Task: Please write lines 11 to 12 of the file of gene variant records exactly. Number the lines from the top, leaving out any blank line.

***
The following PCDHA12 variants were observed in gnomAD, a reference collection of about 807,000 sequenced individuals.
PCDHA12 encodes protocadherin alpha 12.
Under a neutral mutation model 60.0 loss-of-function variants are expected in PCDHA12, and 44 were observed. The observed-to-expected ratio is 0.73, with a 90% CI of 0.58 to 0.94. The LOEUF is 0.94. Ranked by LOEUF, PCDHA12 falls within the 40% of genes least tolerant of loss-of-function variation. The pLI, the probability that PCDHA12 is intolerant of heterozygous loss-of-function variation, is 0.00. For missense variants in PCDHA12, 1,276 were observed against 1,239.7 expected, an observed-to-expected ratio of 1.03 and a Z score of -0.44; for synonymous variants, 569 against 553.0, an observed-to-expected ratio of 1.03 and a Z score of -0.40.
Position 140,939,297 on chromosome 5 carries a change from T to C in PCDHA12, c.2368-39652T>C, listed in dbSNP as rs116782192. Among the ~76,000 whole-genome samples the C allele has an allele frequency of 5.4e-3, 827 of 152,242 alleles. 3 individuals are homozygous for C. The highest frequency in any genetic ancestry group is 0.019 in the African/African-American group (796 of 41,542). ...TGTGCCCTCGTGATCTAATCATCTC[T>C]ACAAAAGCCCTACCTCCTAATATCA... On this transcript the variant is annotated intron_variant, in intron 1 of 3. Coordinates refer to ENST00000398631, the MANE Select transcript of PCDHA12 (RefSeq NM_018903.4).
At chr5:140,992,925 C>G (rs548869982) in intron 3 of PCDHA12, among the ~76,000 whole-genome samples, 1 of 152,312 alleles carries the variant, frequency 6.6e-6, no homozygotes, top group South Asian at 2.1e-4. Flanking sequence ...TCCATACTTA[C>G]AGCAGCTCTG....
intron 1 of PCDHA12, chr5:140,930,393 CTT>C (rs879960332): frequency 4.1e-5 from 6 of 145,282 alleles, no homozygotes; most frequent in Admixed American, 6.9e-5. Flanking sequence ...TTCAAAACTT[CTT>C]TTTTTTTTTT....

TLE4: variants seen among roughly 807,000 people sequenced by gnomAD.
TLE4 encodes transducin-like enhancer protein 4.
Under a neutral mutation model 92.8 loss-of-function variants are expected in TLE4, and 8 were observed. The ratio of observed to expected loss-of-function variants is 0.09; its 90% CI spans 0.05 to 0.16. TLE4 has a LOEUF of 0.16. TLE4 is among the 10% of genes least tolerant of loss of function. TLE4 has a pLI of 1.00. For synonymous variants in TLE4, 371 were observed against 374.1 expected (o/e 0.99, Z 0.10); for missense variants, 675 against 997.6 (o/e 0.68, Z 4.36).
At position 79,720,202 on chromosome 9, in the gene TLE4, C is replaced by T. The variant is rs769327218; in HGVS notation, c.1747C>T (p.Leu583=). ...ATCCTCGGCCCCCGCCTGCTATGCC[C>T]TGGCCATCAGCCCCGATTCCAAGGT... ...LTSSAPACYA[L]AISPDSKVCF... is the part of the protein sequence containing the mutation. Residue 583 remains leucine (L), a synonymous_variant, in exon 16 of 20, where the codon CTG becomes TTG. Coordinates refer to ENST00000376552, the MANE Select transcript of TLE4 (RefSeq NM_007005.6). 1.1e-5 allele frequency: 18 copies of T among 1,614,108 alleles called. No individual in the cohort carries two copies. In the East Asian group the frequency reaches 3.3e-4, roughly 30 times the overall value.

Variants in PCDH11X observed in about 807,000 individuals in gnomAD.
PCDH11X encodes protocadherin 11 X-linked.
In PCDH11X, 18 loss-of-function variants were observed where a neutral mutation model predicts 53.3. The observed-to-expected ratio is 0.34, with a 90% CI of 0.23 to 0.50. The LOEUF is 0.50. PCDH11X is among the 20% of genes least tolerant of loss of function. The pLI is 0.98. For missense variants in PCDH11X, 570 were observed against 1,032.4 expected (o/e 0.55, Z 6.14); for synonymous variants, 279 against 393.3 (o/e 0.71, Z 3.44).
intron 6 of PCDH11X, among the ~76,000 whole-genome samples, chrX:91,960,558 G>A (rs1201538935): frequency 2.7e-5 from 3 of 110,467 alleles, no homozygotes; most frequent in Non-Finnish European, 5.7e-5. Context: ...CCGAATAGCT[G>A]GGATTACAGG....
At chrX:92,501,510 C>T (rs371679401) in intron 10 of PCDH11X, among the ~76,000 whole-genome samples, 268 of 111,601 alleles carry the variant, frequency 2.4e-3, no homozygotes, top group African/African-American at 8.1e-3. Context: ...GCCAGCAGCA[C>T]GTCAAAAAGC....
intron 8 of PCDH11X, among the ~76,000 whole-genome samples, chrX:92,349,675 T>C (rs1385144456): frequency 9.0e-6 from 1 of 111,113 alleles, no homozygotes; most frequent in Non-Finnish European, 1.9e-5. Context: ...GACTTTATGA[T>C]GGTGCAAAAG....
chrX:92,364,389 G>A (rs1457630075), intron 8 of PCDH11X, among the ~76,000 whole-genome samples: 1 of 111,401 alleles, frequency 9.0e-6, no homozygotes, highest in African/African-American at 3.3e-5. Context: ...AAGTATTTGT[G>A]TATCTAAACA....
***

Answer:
Variants in PCDH11X observed in about 807,000 individuals in gnomAD.
PCDH11X encodes protocadherin 11 X-linked.